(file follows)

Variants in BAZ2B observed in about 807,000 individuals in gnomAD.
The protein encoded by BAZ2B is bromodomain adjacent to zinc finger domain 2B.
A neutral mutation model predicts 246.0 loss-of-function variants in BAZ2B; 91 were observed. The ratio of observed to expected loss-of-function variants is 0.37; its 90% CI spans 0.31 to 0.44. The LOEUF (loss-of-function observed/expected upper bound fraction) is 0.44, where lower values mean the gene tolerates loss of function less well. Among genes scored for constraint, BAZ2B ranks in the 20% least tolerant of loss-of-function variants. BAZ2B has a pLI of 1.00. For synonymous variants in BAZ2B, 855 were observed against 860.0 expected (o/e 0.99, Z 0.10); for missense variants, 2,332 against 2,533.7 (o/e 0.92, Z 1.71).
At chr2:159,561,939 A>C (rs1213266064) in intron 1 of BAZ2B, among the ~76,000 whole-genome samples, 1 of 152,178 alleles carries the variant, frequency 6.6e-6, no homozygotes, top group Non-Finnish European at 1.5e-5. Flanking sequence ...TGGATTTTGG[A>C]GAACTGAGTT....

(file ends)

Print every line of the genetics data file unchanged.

Variants in BAZ2B observed in about 807,000 individuals in gnomAD.
The protein encoded by BAZ2B is bromodomain adjacent to zinc finger domain 2B.
A neutral mutation model predicts 246.0 loss-of-function variants in BAZ2B; 91 were observed. The ratio of observed to expected loss-of-function variants is 0.37; its 90% CI spans 0.31 to 0.44. The LOEUF (loss-of-function observed/expected upper bound fraction) is 0.44, where lower values mean the gene tolerates loss of function less well. Among genes scored for constraint, BAZ2B ranks in the 20% least tolerant of loss-of-function variants. BAZ2B has a pLI of 1.00. For synonymous variants in BAZ2B, 855 were observed against 860.0 expected (o/e 0.99, Z 0.10); for missense variants, 2,332 against 2,533.7 (o/e 0.92, Z 1.71).
At chr2:159,561,939 A>C (rs1213266064) in intron 1 of BAZ2B, among the ~76,000 whole-genome samples, 1 of 152,178 alleles carries the variant, frequency 6.6e-6, no homozygotes, top group Non-Finnish European at 1.5e-5. Flanking sequence ...TGGATTTTGG[A>C]GAACTGAGTT....